September 30, 2023

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Historical core of Shiraz, a former capital of Iran, wins national recognition

TEHRAN – The historical texture of Shiraz, which was Persia’s capital under the rule of Karim Khan Zand in the 18th century, has now gained a place on the national list for cultural heritage.

A special panel of experts tasked by the Ministry of Cultural Heritage, Tourism and Handicrafts approved the registration at a meeting held in Tehran on Monday, ISNA reported.

Covering an area of 360 ha, the historical texture of Shiraz is home to some 2910 historical sites, buildings and monuments, of which 410 has been registered in the national list for cultural heritage, the report said.

The registration, which is finally made after decades of pursuit by cultural heritage activists and enthusiasts, seeks to help safeguard remains of the city’s historical texture parts of which being vanished in the face of urban development over the past couple of decades.

Celebrated as the heartland of Persian culture for over 2000 years, Shiraz has become synonymous with education, nightingales, poetry and culture. It was one of the most important cities in the medieval Islamic world, when many of its most beautiful buildings were built or restored.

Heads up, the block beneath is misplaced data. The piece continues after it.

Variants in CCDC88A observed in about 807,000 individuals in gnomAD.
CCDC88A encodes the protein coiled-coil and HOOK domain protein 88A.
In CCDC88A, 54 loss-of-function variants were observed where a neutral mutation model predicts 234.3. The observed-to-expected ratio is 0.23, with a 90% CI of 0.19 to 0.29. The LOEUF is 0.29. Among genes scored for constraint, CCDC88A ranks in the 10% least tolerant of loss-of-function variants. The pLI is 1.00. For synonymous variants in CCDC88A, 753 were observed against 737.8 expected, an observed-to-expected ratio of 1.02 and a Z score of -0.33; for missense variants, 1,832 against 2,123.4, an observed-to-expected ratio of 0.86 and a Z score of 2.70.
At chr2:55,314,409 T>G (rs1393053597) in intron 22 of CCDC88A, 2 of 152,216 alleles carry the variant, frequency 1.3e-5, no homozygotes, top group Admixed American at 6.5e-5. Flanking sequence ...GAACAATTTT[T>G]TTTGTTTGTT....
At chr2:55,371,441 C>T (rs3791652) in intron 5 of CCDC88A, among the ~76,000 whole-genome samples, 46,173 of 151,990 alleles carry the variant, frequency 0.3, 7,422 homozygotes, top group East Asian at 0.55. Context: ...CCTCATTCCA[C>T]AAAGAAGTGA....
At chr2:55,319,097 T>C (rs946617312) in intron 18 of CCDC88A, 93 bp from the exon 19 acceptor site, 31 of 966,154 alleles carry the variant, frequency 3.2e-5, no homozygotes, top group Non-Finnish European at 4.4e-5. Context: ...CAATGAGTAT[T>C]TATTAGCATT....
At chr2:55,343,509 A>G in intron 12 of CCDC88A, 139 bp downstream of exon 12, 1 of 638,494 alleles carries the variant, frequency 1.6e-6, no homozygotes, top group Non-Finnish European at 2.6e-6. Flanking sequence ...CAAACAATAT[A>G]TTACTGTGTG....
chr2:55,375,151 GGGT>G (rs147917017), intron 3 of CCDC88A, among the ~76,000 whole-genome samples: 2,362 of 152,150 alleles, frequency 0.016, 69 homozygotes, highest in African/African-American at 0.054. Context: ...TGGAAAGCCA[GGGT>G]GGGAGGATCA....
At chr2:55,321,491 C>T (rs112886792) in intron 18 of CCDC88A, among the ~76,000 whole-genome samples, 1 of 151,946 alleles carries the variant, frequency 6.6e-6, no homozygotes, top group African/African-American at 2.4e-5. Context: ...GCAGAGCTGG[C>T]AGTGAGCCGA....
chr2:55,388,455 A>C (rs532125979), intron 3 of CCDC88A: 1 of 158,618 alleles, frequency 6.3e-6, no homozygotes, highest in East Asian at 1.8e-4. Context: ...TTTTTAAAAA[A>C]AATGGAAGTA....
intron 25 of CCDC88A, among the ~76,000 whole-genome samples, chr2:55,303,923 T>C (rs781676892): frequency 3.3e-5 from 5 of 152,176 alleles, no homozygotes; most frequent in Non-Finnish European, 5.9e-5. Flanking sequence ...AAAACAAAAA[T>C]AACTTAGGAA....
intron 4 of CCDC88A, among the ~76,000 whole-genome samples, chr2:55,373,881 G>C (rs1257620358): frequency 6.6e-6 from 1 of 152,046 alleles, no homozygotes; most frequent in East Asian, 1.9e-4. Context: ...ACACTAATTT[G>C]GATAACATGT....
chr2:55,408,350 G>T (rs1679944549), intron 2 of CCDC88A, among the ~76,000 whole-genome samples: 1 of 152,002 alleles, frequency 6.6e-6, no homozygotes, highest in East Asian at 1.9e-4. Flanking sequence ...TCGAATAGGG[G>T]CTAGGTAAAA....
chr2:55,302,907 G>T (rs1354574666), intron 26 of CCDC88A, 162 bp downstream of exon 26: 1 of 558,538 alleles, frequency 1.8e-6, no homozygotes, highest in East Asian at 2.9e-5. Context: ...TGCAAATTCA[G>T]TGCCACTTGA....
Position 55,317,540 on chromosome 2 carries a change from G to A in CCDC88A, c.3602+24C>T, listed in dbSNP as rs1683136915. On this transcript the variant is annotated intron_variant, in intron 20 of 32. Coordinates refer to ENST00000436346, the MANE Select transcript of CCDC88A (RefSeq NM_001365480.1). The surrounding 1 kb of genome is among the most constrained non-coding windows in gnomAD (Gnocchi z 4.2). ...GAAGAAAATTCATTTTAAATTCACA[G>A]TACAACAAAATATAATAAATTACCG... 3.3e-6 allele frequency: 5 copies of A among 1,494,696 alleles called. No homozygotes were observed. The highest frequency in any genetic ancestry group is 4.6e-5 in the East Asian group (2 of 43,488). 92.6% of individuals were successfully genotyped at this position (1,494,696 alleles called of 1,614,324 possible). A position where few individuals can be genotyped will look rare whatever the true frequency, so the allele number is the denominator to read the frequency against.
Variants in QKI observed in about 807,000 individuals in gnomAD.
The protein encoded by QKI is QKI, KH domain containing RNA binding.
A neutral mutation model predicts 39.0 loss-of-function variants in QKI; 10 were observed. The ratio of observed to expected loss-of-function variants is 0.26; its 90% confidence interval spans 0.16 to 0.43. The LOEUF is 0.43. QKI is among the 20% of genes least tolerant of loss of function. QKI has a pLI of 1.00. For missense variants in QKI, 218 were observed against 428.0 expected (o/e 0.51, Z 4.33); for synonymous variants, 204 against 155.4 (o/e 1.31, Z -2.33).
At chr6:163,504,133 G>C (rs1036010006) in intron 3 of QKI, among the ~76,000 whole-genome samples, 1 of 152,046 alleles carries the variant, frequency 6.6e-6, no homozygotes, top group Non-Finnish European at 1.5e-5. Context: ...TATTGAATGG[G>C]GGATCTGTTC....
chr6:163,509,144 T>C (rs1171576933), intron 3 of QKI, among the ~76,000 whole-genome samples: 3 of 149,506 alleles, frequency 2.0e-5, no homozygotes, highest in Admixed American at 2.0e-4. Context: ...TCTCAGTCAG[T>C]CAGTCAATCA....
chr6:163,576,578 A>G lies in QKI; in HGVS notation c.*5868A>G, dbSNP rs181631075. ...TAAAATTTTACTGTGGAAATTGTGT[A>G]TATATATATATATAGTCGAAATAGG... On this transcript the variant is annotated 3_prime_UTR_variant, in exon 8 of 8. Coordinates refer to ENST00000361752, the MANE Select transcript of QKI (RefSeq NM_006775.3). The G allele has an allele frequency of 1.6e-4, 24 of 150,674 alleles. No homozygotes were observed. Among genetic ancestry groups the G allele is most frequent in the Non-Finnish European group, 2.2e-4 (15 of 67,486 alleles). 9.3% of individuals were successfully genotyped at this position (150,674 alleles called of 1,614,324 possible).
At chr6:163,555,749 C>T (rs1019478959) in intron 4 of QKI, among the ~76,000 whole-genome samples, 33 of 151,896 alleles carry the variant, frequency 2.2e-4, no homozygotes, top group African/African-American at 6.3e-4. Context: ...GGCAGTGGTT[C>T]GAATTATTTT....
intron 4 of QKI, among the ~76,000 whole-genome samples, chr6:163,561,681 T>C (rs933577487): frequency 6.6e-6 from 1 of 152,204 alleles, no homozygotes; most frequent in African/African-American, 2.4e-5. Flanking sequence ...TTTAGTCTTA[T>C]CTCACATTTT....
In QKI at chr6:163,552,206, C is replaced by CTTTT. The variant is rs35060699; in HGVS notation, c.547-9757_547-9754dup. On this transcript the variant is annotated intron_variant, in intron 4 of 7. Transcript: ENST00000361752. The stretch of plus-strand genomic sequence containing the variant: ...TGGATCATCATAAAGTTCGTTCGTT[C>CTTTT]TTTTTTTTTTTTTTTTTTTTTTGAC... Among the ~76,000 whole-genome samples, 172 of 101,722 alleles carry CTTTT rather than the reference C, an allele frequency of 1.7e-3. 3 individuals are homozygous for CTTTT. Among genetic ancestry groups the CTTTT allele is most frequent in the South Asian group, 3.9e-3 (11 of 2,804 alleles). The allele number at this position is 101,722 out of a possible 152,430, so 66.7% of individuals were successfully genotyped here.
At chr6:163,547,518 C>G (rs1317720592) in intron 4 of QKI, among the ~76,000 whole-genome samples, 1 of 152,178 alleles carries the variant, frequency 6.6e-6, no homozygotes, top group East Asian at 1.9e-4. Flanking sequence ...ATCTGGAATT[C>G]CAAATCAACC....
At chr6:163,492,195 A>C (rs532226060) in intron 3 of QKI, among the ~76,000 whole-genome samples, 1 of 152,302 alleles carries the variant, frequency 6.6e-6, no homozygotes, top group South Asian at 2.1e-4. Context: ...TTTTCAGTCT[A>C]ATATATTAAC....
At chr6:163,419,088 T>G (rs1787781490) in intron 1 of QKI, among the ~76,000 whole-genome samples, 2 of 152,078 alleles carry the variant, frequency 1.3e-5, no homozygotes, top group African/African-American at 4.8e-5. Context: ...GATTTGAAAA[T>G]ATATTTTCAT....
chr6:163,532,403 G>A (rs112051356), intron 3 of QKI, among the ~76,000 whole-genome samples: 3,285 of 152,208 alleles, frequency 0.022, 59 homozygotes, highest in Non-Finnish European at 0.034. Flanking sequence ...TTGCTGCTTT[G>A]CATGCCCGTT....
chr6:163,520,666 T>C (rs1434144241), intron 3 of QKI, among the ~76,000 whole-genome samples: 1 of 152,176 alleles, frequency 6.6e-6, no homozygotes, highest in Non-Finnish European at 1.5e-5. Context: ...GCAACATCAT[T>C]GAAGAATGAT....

In an interview conducted last year, a cultural heritage expert, Siamak Basiri, said: “ The historical texture of Shiraz holds potential to be registered on the UNESCO World Heritage list but it has not yet been registered on the national heritage list, and that is one of the prerequisites for gaining a UNESCO tag.”

“The historical texture of Shiraz is one of the richest in Iran and even in West Asia due to its relative coherence and unique architectural features,” Basiri said.

There is a wide range of historical monuments in this area dating back to the Safavid and Qajar eras, as well as the Pahlavi period, he added.

“Antiquity and lack of adequate budgets have caused the historical texture to undergo a process of destruction and degradation during the past two decades, however today, with the participation of the private sector, many cases of restoration and protection have taken place.”

Shiraz is home to some of the country’s most magnificent buildings and sights. Increasingly, it draws more and more foreign and domestic sightseers flocking to this provincial capital.

Eram Garden, Afif-Abad Garden, Tomb of Hafez, Tomb of Sa’di, Jameh Mosque of Atigh, and Persepolis are among the historical, cultural, and ancient sites of Shiraz that are of interest to domestic and foreign tourists.

The UNESCO-registered Persepolis, also known as Takht-e Jamshid, whose magnificent ruins rest at the foot of Kuh-e Rahmat (Mountain of Mercy), was the ceremonial capital of the Achaemenid Empire. It is situated 60 kilometers northeast of the city of Shiraz in Fars Province.

Shiraz is also home to some magnificent historical gardens such as Bagh-e Narenjestan and Eram Garden, which are top tourist destinations both for domestic and international sightseers.

UNESCO describes the Persian Garden as an idea that combines natural elements with manmade components to materialize the concept of Eden or Paradise on Earth.


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